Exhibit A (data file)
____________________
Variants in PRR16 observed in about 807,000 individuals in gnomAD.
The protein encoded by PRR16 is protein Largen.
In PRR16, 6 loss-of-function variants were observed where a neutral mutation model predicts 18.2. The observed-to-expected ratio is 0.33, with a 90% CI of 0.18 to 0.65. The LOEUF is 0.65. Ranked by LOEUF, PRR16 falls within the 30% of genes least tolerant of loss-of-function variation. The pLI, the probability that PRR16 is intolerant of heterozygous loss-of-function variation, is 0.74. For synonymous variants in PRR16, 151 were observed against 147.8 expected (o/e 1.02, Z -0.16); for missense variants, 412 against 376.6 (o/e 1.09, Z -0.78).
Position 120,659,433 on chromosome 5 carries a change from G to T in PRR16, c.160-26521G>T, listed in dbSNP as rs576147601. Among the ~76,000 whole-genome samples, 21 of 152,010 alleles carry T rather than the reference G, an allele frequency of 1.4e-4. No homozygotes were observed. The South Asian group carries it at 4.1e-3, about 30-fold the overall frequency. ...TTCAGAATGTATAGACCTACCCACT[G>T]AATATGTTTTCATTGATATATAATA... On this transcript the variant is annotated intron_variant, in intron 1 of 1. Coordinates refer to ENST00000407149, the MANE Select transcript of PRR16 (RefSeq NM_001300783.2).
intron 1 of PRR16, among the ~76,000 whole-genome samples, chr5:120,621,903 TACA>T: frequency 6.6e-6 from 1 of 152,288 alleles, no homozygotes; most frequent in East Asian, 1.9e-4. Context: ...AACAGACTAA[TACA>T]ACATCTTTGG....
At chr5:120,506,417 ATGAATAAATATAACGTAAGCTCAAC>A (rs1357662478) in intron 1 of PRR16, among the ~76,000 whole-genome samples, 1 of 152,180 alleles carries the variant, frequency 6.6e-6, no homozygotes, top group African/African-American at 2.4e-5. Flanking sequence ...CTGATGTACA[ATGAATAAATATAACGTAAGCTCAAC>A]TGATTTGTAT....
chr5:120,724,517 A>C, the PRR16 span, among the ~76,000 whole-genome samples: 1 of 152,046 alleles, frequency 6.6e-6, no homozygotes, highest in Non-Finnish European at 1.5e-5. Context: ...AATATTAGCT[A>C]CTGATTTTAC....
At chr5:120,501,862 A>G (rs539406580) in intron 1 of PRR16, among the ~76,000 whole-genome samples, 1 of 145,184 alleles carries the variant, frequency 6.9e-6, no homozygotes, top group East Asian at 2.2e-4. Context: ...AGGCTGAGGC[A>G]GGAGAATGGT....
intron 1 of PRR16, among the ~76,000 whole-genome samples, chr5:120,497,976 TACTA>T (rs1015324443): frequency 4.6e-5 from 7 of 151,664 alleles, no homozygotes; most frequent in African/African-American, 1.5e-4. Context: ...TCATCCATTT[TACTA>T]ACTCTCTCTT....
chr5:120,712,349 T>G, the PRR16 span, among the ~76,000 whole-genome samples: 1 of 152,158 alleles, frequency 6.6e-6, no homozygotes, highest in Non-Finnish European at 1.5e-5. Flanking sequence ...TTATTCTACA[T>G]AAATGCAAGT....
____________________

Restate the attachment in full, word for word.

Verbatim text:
Variants in PRR16 observed in about 807,000 individuals in gnomAD.
The protein encoded by PRR16 is protein Largen.
In PRR16, 6 loss-of-function variants were observed where a neutral mutation model predicts 18.2. The observed-to-expected ratio is 0.33, with a 90% CI of 0.18 to 0.65. The LOEUF is 0.65. Ranked by LOEUF, PRR16 falls within the 30% of genes least tolerant of loss-of-function variation. The pLI, the probability that PRR16 is intolerant of heterozygous loss-of-function variation, is 0.74. For synonymous variants in PRR16, 151 were observed against 147.8 expected (o/e 1.02, Z -0.16); for missense variants, 412 against 376.6 (o/e 1.09, Z -0.78).
Position 120,659,433 on chromosome 5 carries a change from G to T in PRR16, c.160-26521G>T, listed in dbSNP as rs576147601. Among the ~76,000 whole-genome samples, 21 of 152,010 alleles carry T rather than the reference G, an allele frequency of 1.4e-4. No homozygotes were observed. The South Asian group carries it at 4.1e-3, about 30-fold the overall frequency. ...TTCAGAATGTATAGACCTACCCACT[G>T]AATATGTTTTCATTGATATATAATA... On this transcript the variant is annotated intron_variant, in intron 1 of 1. Coordinates refer to ENST00000407149, the MANE Select transcript of PRR16 (RefSeq NM_001300783.2).
intron 1 of PRR16, among the ~76,000 whole-genome samples, chr5:120,621,903 TACA>T: frequency 6.6e-6 from 1 of 152,288 alleles, no homozygotes; most frequent in East Asian, 1.9e-4. Context: ...AACAGACTAA[TACA>T]ACATCTTTGG....
At chr5:120,506,417 ATGAATAAATATAACGTAAGCTCAAC>A (rs1357662478) in intron 1 of PRR16, among the ~76,000 whole-genome samples, 1 of 152,180 alleles carries the variant, frequency 6.6e-6, no homozygotes, top group African/African-American at 2.4e-5. Flanking sequence ...CTGATGTACA[ATGAATAAATATAACGTAAGCTCAAC>A]TGATTTGTAT....
chr5:120,724,517 A>C, the PRR16 span, among the ~76,000 whole-genome samples: 1 of 152,046 alleles, frequency 6.6e-6, no homozygotes, highest in Non-Finnish European at 1.5e-5. Context: ...AATATTAGCT[A>C]CTGATTTTAC....
At chr5:120,501,862 A>G (rs539406580) in intron 1 of PRR16, among the ~76,000 whole-genome samples, 1 of 145,184 alleles carries the variant, frequency 6.9e-6, no homozygotes, top group East Asian at 2.2e-4. Context: ...AGGCTGAGGC[A>G]GGAGAATGGT....
intron 1 of PRR16, among the ~76,000 whole-genome samples, chr5:120,497,976 TACTA>T (rs1015324443): frequency 4.6e-5 from 7 of 151,664 alleles, no homozygotes; most frequent in African/African-American, 1.5e-4. Context: ...TCATCCATTT[TACTA>T]ACTCTCTCTT....
chr5:120,712,349 T>G, the PRR16 span, among the ~76,000 whole-genome samples: 1 of 152,158 alleles, frequency 6.6e-6, no homozygotes, highest in Non-Finnish European at 1.5e-5. Flanking sequence ...TTATTCTACA[T>G]AAATGCAAGT....